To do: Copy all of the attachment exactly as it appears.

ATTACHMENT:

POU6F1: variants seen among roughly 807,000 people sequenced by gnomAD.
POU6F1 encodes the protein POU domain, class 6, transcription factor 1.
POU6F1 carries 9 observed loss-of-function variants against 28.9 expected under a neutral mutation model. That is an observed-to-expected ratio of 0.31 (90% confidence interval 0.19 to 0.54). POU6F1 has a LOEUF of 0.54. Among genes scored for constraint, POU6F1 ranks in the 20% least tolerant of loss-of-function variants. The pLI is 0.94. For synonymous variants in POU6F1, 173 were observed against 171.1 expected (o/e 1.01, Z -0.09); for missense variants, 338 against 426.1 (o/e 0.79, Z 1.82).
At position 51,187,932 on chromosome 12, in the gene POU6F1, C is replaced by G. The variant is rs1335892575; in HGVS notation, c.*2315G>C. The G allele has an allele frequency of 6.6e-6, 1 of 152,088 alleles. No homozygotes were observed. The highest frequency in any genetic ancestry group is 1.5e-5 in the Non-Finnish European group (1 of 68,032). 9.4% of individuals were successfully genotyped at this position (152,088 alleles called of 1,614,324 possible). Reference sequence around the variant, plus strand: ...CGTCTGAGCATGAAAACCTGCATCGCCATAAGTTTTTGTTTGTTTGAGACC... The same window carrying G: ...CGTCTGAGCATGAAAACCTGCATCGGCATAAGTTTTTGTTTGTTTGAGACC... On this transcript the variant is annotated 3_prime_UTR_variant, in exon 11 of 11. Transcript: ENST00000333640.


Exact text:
POU6F1: variants seen among roughly 807,000 people sequenced by gnomAD.
POU6F1 encodes the protein POU domain, class 6, transcription factor 1.
POU6F1 carries 9 observed loss-of-function variants against 28.9 expected under a neutral mutation model. That is an observed-to-expected ratio of 0.31 (90% confidence interval 0.19 to 0.54). POU6F1 has a LOEUF of 0.54. Among genes scored for constraint, POU6F1 ranks in the 20% least tolerant of loss-of-function variants. The pLI is 0.94. For synonymous variants in POU6F1, 173 were observed against 171.1 expected (o/e 1.01, Z -0.09); for missense variants, 338 against 426.1 (o/e 0.79, Z 1.82).
At position 51,187,932 on chromosome 12, in the gene POU6F1, C is replaced by G. The variant is rs1335892575; in HGVS notation, c.*2315G>C. The G allele has an allele frequency of 6.6e-6, 1 of 152,088 alleles. No homozygotes were observed. The highest frequency in any genetic ancestry group is 1.5e-5 in the Non-Finnish European group (1 of 68,032). 9.4% of individuals were successfully genotyped at this position (152,088 alleles called of 1,614,324 possible). Reference sequence around the variant, plus strand: ...CGTCTGAGCATGAAAACCTGCATCGCCATAAGTTTTTGTTTGTTTGAGACC... The same window carrying G: ...CGTCTGAGCATGAAAACCTGCATCGGCATAAGTTTTTGTTTGTTTGAGACC... On this transcript the variant is annotated 3_prime_UTR_variant, in exon 11 of 11. Transcript: ENST00000333640.